I am my own worst critic. Sometimes my desire to be competitive overshadows some of my own very real successes. But after I am done beating myself up, I usually have a pretty optimistic perspective on my achievements. In the sport of Eventing, it is VERY hard to be consistently competitive. There are SO many unknown variables to account for on any given day of competition. You train and practice to account for all of them. You ride in the rain at home, in case is down pours during your XC ride. You ride without stirrups, in case you lose one on course. You introduce elements of surprise to your horse in schooling, so they don’t have a panic attack when an umbrella flies across the warm up. (All scenarios in which we were exposed to this trip. But I refused to fall off in the rain, and ride the 10 hour drive home with a wet bum!) You should primarily set your expectations to be competent and safe on show day… And if you are competitive, well that is the icing on the cake!
I am now back home in Maryland, from a fantastic trip with Eddie in Aiken. And I am able to reflect on the experience as a proud Mama of one OTTB, and as a rider - proud of her own competence. In the span of 10 days, we competed at two recognized horse trials and one schooling dressage show. At both events, we finished on our dressage score, and took home ribbons. I might be bummed in secrecy that we didn’t take home a blue one, but I am proud nonetheless. It used to be a good day for me, if my old mare didn’t jump out of the dressage arena (yes that has happened), or if she didn’t run away with me in show jump or XC. My goals were much different when I was younger. Now that I have some experience, I am better able to train and bring Eddie along, as not only competent, but consistently competitive. I now feel gratitude, that it is my privilege to set higher goals and expectations.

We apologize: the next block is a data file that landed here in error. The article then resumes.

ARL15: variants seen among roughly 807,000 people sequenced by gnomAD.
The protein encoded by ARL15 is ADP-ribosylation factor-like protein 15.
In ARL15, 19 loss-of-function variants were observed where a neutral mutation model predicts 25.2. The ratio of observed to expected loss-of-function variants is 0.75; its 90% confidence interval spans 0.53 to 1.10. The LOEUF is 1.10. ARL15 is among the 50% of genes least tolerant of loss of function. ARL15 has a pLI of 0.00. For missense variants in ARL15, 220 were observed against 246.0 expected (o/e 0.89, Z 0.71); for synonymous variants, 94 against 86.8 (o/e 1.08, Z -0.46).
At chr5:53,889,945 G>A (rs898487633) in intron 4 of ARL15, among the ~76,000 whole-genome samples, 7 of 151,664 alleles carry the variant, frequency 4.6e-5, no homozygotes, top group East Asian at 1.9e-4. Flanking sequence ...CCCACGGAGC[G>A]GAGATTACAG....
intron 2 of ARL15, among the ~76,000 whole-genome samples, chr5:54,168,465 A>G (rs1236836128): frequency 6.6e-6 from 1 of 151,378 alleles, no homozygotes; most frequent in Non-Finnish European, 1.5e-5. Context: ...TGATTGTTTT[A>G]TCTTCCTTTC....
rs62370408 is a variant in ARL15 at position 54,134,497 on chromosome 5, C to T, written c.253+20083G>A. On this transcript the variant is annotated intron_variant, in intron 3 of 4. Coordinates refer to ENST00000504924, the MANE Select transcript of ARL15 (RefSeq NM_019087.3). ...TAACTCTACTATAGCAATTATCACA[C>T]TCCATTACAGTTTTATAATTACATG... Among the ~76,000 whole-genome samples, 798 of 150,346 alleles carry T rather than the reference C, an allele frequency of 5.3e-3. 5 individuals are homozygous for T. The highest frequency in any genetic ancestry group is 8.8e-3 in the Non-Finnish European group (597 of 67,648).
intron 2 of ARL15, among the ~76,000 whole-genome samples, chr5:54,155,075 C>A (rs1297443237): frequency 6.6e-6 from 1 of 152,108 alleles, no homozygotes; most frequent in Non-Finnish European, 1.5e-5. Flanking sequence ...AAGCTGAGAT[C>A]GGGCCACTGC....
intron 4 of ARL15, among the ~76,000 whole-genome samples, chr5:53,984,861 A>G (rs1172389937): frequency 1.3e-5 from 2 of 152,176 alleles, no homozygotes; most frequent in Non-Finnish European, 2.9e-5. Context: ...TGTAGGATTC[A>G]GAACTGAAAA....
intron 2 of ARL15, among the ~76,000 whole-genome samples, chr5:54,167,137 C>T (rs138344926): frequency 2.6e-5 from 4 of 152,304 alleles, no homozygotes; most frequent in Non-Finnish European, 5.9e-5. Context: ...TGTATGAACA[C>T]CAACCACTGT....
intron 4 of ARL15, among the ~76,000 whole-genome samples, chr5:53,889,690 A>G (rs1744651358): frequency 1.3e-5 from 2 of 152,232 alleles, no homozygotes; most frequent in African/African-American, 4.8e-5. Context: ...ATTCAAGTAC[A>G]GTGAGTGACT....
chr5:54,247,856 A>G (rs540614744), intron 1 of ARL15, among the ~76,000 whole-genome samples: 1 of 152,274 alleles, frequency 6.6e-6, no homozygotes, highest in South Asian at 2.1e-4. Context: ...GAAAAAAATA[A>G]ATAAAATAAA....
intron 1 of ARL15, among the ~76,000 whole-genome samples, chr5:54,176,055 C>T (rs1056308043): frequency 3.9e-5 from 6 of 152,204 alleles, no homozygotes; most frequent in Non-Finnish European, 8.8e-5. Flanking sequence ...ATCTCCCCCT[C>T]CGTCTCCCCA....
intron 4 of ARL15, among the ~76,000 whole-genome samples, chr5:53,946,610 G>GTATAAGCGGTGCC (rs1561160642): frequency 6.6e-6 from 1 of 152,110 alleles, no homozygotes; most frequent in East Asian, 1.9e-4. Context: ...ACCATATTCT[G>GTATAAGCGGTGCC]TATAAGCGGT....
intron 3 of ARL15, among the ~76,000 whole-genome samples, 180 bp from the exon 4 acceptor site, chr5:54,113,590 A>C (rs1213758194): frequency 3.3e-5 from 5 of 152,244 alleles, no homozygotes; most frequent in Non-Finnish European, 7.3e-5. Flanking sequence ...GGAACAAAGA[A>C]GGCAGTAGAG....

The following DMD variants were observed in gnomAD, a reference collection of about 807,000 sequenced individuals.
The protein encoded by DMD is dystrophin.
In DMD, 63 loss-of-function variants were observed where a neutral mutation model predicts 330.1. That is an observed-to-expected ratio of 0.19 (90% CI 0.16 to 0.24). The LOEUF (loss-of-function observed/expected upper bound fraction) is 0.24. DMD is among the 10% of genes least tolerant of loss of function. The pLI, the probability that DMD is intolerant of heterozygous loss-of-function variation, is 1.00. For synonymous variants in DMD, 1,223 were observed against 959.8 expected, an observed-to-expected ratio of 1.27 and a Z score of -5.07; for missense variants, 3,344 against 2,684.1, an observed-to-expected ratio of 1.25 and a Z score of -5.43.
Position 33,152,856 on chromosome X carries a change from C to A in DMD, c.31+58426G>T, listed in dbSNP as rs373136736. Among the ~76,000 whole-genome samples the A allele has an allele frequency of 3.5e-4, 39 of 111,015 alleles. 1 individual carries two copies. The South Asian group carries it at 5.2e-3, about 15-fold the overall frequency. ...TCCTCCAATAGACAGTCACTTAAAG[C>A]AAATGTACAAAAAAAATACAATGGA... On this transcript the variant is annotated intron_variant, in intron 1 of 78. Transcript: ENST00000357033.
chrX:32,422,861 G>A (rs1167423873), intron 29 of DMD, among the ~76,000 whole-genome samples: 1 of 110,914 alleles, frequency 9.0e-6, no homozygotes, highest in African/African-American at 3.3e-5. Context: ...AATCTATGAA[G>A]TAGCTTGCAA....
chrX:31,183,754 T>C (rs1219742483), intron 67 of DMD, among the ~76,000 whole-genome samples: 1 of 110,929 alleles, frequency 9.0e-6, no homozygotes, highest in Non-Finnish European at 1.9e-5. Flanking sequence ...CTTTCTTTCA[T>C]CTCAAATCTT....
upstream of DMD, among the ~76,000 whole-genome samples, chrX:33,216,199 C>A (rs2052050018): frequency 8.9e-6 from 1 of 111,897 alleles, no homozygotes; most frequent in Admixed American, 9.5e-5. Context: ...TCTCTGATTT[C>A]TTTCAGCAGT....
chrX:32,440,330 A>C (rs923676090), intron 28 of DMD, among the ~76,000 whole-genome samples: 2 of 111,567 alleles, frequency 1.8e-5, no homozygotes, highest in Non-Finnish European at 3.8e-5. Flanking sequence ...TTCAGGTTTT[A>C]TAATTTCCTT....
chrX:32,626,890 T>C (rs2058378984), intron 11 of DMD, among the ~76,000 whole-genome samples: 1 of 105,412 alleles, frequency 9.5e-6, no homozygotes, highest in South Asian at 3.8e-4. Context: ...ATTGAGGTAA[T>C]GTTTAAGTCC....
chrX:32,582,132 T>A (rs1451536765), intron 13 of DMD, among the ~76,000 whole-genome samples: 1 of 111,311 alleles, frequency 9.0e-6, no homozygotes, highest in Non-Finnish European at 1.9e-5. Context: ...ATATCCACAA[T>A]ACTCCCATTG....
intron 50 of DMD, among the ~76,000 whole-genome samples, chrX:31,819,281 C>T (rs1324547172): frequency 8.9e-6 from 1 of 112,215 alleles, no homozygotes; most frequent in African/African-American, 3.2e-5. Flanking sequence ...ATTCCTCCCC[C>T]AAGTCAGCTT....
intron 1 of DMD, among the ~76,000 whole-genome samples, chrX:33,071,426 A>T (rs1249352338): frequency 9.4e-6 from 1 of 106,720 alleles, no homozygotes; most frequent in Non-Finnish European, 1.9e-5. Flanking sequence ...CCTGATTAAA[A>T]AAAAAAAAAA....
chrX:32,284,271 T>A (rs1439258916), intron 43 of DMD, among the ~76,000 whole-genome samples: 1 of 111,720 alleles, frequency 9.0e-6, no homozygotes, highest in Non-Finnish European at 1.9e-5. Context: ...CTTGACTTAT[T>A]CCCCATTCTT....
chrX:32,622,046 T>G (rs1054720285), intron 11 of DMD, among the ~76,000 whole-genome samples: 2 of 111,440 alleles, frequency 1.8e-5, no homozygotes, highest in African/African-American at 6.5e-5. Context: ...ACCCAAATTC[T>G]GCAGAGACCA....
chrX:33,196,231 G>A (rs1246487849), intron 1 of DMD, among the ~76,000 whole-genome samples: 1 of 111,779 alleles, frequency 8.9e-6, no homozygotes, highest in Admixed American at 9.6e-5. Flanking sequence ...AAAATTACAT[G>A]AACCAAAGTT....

As someone who doesn’t ride professionally, I don’t get to ride 6-10 horses a day to better my skill. I go to work, leave for the barn around 4 pm, and have ONE ride a day to get it right. I have ONE ride, on ONE horse to practice my skills, and better his. So if you look at it in terms of probability, I have to get 3 out of 3 phases right in order to be successful. Whereas a professional who rides about 6 horses at a competition, has a greater chance of being successful on at least one, if not all. And we all know your odds of winning the lottery are higher if you buy six tickets, rather than one…$$ That being said, I have a great deal of respect for professionals, because it takes A LOT of stamina to be able to ride 18 rounds in one day. But those odds alone make me feel good about myself and my horse’s performances. Because as someone who might be considered a “hobbyist” we have a pretty good batting average!
But horses aren’t lottery tickets (although I would argue I hit the lottery with Eddie), and we aren’t playing baseball. So I have learned to measure success in terms of competence and consistency, rather than did we win or lose. I am very impressed with how my horse handled this entire experience. In a very condensed period of time, he traveled over 30 hours, competed at three different facilities, jumped over 100 jumps clear, jumped in dry and rainy footing, and moved up a half level. All the while, he maintained a happy and positive attitude the entire time! We were consistent in his schedule and care, consistent in our training rides, and that equated to a consistent performance at the competitions. So to have that amount of success, in such an abbreviated period of time, is something to be very proud of. And it is only the beginning of the season!
Overall, this time with Eddie in Aiken has been a great test and developmental experience. I feel as though I have gained a leg up (no pun intended) on the rest of my season and goals. Eddie was already in a great place, and I feel as though he grew up tenfold while in Aiken. We got the first show nerves of the season over with. We finally got the chance to get our first gallop of the season outside on good footing. And I feel confident both in Eddie and myself as we approach the bigger goals of the 2017 season. Now, as I prepare for Eddie’s next competition at Morven Park, I have a clear idea and path of what we need to work on and accomplish. I would love to continue on this path of consistency! My biggest goal of 2017 is to continue producing Eddie (and myself) into a confident, healthy and competent competitor. If I can continue do that, I think I have more than succeeded!
2017 better watch out, because Eddie is coming in steaming! #teamCROSSFIRE